One of the world's most popular VPN providers has revealed it was hacked by an unidentified party following a major data breach.
Details are still scant but the virtual private network provider has confirmed one of its datacenters was penetrated in March 2018.
"A few months ago, we became aware of an incident in March 2018 when a server at a datacenter in Finland we had been renting servers from was accessed without authorization," the company wrote in a blog post. "This was done through an insecure remote management system account that the datacenter had added without our knowledge. The datacenter deleted the user accounts that the intruder had exploited rather than notify us."
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While NordVPN has a “zero log” policy that was recently independently audited, one may question the motives of the hacker or hackers.
“The server itself did not contain any user activity logs; none of our applications send user-created credentials for authentication, so usernames and passwords couldn’t have been intercepted either,” the blog added.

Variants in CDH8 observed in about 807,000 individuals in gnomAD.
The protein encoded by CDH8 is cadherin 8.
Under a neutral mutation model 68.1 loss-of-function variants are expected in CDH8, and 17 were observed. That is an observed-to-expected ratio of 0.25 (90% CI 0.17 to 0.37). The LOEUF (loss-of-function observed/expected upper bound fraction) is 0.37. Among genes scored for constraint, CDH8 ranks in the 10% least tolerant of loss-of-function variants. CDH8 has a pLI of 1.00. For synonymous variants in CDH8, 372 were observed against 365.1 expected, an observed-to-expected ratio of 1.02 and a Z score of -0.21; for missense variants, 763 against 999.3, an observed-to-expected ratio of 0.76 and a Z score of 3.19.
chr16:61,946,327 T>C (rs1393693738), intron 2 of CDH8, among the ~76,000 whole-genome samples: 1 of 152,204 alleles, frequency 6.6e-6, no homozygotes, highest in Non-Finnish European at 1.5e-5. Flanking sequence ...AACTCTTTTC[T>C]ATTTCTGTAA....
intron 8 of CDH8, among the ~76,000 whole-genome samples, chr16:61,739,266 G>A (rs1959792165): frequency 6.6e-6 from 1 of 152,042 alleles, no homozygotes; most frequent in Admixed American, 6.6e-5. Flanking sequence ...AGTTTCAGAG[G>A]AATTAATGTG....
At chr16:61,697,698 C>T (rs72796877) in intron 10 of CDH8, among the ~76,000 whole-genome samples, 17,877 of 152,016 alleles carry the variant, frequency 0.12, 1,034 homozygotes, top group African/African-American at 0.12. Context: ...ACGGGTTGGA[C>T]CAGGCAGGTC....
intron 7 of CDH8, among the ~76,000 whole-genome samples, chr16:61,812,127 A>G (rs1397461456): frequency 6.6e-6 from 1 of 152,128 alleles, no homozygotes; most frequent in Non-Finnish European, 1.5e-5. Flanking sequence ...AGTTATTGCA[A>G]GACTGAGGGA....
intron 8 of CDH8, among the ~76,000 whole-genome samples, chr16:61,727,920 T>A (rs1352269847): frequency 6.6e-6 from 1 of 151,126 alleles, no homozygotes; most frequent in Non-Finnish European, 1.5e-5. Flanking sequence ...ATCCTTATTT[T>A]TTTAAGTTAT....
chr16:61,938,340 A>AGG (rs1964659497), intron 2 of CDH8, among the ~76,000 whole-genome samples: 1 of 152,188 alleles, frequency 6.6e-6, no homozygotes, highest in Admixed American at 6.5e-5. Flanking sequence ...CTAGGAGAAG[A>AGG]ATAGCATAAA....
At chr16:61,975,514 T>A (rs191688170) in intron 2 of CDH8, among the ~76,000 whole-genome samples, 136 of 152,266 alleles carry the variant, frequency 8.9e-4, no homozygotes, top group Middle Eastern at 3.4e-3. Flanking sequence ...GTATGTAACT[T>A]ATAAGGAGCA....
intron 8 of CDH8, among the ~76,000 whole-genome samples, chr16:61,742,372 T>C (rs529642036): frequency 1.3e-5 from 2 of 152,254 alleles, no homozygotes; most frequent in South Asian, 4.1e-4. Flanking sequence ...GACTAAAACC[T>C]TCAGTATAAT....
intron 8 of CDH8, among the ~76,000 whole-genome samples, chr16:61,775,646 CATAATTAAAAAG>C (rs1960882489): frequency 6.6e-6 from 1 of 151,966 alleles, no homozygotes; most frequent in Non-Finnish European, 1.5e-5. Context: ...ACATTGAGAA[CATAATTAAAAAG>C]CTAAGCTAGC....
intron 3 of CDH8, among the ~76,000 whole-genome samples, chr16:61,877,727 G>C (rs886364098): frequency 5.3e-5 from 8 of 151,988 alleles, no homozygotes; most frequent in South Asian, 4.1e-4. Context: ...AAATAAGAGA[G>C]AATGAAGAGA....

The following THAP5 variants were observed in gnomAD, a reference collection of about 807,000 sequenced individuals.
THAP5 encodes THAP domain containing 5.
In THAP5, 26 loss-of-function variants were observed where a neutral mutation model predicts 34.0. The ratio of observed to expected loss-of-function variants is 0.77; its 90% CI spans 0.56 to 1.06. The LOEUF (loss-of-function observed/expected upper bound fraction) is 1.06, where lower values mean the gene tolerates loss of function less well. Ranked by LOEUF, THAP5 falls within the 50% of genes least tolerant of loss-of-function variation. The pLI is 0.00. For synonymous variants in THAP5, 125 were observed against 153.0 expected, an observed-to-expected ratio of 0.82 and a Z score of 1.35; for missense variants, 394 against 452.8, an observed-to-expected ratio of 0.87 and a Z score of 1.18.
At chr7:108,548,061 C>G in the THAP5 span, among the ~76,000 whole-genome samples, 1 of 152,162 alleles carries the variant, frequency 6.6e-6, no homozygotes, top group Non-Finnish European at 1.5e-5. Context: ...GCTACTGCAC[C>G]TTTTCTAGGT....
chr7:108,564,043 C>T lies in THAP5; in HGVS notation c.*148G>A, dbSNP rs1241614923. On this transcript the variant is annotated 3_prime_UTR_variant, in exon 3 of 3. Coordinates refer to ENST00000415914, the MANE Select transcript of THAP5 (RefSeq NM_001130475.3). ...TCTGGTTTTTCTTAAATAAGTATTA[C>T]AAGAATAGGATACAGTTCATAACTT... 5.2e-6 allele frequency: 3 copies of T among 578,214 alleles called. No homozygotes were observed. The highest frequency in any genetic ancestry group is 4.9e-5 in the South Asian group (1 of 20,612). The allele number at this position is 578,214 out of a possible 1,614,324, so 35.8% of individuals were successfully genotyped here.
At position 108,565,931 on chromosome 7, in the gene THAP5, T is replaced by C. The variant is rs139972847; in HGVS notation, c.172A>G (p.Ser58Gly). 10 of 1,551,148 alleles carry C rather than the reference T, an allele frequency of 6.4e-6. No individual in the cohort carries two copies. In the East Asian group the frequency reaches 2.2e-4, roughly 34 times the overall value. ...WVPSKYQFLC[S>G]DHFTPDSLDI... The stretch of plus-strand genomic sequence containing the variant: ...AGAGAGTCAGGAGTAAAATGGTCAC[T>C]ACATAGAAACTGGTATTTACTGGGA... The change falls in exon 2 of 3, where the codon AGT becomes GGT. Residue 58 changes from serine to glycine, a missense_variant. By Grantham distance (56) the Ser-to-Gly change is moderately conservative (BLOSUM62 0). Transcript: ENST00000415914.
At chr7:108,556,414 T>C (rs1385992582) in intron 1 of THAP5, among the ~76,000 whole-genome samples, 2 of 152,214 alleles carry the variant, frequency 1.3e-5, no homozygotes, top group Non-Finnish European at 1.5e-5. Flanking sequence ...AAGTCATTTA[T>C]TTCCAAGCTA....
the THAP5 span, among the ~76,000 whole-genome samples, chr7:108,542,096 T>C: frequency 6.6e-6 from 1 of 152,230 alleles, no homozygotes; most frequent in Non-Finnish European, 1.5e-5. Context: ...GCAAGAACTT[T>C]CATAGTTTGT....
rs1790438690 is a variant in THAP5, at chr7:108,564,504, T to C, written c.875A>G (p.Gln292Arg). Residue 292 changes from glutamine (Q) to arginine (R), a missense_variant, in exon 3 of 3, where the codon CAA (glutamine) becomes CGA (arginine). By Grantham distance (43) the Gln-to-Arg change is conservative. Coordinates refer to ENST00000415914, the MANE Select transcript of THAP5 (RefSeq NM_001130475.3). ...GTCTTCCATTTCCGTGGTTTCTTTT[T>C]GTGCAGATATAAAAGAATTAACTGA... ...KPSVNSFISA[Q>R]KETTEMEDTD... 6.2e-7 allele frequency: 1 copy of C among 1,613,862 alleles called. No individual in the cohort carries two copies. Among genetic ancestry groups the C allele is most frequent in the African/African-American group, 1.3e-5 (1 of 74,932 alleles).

“On the same note, the only possible way to abuse the website traffic was by performing a personalized and complicated man-in-the-middle attack to intercept a single connection that tried to access NordVPN.”
"This was an isolated case, and no other servers or datacenter providers we use have been affected."
Two separate VPN issues
The hackers were able to identify an insecure remote management system that was operated by the datacenter provider and had full root access to a container server thanks to an expired TLS certificate.
In the own words of fellow hacker @hexdefined, this allowed “full control of everything in it (presumably including the ability to view and tamper with all network traffic going through it)”.
To make things even more interesting, two other VPN providers, access logs of VikingVPN and Torguard were also published alongside NordVPN on 8Chan, a possible indication that all three providers used the same data center.
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